Passion defines your Core Purpose, which we’ll refine later. Passion is what drives great companies, because people want to work for something beyond the numbers.

So what is it that really gets you out of bed in the morning, beyond earning a paycheck, beyond making money, beyond showing profits? What is the difference you want to make in the lives of your customers?

What drives your economic engine?

What is your business model going to be? How will you make money? Where will you get your revenue and profits from in the future?

You can find more information on creating business models and on understanding how your business makes money in the book Business Model Generation by Osterwalder and Pigneur. They do a great job of helping you visualize how your business works.

Whilst these are good questions, in my experience they do not go far enough in terms of helping you refine your answers. I have taken this framework as a start point and modified it with additional questions below to make it more practical for the business leaders I work with and help you refine your BHAG.

This is where I want you to throw your hat way, way over the wall. Think five or ten years into the future and ask how your company will look when you achieve your BHAG.

What will your operations look like?

That might be the number of stores, or it might be the number of factories, the number of customers, the number of just about anything that you can think of.

What products or services will you offer?

They may be something completely different than what you are offering now, or they may be the same. Think about the mix, too.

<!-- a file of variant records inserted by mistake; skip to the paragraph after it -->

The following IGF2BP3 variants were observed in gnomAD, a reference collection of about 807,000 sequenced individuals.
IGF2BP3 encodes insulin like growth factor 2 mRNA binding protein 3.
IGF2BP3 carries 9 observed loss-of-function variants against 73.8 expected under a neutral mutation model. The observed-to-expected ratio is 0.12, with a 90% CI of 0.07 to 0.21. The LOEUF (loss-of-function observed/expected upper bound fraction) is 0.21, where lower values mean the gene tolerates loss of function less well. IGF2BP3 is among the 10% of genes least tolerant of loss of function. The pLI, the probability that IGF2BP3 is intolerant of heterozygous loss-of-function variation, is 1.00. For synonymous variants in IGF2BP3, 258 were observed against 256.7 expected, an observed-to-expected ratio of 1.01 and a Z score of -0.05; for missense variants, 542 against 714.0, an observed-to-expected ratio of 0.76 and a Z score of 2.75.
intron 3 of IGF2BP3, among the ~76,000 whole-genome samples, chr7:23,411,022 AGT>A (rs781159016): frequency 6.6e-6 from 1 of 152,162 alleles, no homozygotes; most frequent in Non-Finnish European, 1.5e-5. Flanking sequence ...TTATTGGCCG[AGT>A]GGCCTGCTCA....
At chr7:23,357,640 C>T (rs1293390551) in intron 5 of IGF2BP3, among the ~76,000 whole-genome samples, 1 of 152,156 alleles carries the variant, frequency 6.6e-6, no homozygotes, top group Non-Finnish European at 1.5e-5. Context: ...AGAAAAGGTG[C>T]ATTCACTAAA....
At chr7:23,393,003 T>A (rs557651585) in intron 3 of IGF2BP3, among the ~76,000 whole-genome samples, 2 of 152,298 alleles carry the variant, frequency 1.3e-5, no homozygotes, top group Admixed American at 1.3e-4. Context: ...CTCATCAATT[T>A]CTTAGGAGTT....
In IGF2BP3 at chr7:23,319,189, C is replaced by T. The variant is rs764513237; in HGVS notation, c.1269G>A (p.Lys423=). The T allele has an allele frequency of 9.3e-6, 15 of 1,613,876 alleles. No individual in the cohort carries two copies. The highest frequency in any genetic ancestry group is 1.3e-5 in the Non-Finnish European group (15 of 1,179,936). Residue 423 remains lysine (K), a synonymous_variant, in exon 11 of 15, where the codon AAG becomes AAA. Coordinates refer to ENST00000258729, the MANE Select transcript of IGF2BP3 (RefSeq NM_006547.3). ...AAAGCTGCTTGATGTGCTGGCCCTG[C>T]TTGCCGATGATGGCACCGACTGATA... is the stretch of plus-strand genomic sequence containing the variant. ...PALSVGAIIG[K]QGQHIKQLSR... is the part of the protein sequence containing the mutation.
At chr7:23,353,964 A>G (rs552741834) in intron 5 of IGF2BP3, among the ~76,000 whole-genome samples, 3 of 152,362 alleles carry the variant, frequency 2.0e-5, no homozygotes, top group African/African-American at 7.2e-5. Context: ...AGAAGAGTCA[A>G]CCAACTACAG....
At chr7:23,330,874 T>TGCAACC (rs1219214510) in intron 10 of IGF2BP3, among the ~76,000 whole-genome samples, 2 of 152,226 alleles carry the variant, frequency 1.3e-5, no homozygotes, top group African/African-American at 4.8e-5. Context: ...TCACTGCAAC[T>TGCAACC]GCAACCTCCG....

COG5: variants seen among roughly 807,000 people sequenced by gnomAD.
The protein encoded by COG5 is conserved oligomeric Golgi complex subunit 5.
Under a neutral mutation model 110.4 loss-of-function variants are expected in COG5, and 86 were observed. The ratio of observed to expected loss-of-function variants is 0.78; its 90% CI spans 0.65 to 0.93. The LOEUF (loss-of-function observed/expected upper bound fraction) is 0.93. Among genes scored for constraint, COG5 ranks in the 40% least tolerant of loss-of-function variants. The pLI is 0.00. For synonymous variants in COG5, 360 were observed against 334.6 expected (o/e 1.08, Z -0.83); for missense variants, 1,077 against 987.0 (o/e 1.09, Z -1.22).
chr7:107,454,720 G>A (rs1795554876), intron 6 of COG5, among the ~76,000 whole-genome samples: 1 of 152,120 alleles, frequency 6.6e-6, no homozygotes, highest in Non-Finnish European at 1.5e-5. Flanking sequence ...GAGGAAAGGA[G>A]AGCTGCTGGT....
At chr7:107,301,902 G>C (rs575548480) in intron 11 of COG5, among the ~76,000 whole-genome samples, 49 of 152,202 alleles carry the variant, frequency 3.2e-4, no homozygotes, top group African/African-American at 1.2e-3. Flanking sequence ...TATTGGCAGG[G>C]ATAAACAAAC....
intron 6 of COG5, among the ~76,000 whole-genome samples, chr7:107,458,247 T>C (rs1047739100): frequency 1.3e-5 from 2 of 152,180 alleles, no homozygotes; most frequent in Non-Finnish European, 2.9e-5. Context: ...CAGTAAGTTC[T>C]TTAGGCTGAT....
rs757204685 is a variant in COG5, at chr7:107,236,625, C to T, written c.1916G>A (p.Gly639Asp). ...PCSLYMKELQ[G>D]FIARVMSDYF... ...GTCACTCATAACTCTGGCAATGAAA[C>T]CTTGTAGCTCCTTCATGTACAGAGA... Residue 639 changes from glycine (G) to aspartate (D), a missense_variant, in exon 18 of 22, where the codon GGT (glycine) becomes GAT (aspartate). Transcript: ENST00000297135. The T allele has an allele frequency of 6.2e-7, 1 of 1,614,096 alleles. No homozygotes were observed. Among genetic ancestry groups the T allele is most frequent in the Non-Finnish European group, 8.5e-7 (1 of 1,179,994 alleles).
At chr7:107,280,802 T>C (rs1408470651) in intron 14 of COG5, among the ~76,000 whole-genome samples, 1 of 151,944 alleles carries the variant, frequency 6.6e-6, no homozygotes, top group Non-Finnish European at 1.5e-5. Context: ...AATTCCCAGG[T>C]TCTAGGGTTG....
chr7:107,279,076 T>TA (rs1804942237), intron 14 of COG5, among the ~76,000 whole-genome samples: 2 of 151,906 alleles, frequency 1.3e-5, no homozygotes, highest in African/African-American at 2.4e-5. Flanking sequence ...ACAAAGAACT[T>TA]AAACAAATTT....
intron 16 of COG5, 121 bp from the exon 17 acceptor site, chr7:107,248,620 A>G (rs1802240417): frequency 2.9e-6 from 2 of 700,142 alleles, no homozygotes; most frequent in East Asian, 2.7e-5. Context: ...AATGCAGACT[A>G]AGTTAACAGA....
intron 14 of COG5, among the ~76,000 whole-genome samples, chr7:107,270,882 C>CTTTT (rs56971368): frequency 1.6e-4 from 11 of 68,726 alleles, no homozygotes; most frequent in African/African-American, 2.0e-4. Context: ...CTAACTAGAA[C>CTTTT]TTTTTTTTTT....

What geographic locations will you serve?

Don’t worry about how to reach them now; we’ll figure out how later.

What’s it going to be like to work for your company in the future?

Describe what it will be like when you come to work.

How will you measure success?

Revenue and profits are important, but so are other measures. Perhaps you’ll win some awards or some form of recognition. How will you measure your success along the way?

There’s one more thing: Some people describe a goal as “a dream with a deadline.” BHAGs have the emotional power of a dream, but that definition is incomplete. To be a good business goal, it needs to be a dream with a deadline and numbers.

What’s your BHAG? Remember, it should be exciting, but it should be a little scary, too. If you are thinking to yourself, “Yes, well, if we do that, and we do that, and if we keep growing at X percent per annum, and keep putting one foot in front of the other, we’ll reach this point by the year 2030,” that’s not a BHAG.

A BHAG is not a linear path. A BHAG is something you should stare at and think, “How the heck are we going to do that?” You don’t know how yet, but you like the sound of it, and you’re going to figure out how.

Here’s the thing: When President Kennedy set the “man on the moon” goal, no one knew how the USA was going to achieve it. The whole idea of a BHAG is that it’s an exciting goal that inspires you to figure out how to achieve it.

Your BHAG needs to be easy to understand and quantify. I personally recommend your BHAG includes a number you can track your progress towards on a monthly basis. Every quarter as part of your quarterly strategic planning rhythm you should ask yourself, “What progress have we made toward our BHAG this quarter?”

What is your BHAG?

By now you have probably come up with a long list of things that describe what you want your business to become at some point far into the future, and that’s great. Some companies create walls full of words or collages full of pictures to describe their ideal future, and that’s a great exercise, too, but now I want to force you to crystallize your dream into a clear, concise statement using what I call my “Twitter Rule”; that is, if you can’t communicate a concept within the length of a Twitter post, then it is too long.

See if you can state your BHAG in a short, concise statement of 140 characters or less…”

Excerpted from the book: Business Execution for RESULTS, by Stephen Lynch

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Until next time…
Stephen